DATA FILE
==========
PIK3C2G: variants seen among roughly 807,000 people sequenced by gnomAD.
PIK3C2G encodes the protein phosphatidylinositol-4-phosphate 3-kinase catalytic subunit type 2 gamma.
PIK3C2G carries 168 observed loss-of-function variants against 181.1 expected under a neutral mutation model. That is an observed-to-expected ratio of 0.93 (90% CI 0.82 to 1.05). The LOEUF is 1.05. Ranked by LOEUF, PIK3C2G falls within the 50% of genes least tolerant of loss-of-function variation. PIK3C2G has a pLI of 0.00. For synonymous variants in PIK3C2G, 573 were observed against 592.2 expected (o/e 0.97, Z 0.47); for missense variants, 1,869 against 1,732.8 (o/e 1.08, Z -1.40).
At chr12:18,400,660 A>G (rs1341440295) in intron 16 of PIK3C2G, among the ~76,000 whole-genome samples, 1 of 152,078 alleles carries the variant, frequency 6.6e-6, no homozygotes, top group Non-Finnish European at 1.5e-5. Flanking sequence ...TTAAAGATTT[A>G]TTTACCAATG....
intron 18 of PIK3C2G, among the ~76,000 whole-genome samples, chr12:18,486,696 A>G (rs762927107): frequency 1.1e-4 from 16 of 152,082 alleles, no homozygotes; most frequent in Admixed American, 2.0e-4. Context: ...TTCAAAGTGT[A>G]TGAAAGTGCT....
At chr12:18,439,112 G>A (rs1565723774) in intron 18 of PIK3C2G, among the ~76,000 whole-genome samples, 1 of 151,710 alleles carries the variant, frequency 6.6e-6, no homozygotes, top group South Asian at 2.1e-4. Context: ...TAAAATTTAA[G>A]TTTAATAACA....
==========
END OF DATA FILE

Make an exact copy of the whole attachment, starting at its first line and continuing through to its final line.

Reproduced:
PIK3C2G: variants seen among roughly 807,000 people sequenced by gnomAD.
PIK3C2G encodes the protein phosphatidylinositol-4-phosphate 3-kinase catalytic subunit type 2 gamma.
PIK3C2G carries 168 observed loss-of-function variants against 181.1 expected under a neutral mutation model. That is an observed-to-expected ratio of 0.93 (90% CI 0.82 to 1.05). The LOEUF is 1.05. Ranked by LOEUF, PIK3C2G falls within the 50% of genes least tolerant of loss-of-function variation. PIK3C2G has a pLI of 0.00. For synonymous variants in PIK3C2G, 573 were observed against 592.2 expected (o/e 0.97, Z 0.47); for missense variants, 1,869 against 1,732.8 (o/e 1.08, Z -1.40).
At chr12:18,400,660 A>G (rs1341440295) in intron 16 of PIK3C2G, among the ~76,000 whole-genome samples, 1 of 152,078 alleles carries the variant, frequency 6.6e-6, no homozygotes, top group Non-Finnish European at 1.5e-5. Flanking sequence ...TTAAAGATTT[A>G]TTTACCAATG....
intron 18 of PIK3C2G, among the ~76,000 whole-genome samples, chr12:18,486,696 A>G (rs762927107): frequency 1.1e-4 from 16 of 152,082 alleles, no homozygotes; most frequent in Admixed American, 2.0e-4. Context: ...TTCAAAGTGT[A>G]TGAAAGTGCT....
At chr12:18,439,112 G>A (rs1565723774) in intron 18 of PIK3C2G, among the ~76,000 whole-genome samples, 1 of 151,710 alleles carries the variant, frequency 6.6e-6, no homozygotes, top group South Asian at 2.1e-4. Context: ...TAAAATTTAA[G>A]TTTAATAACA....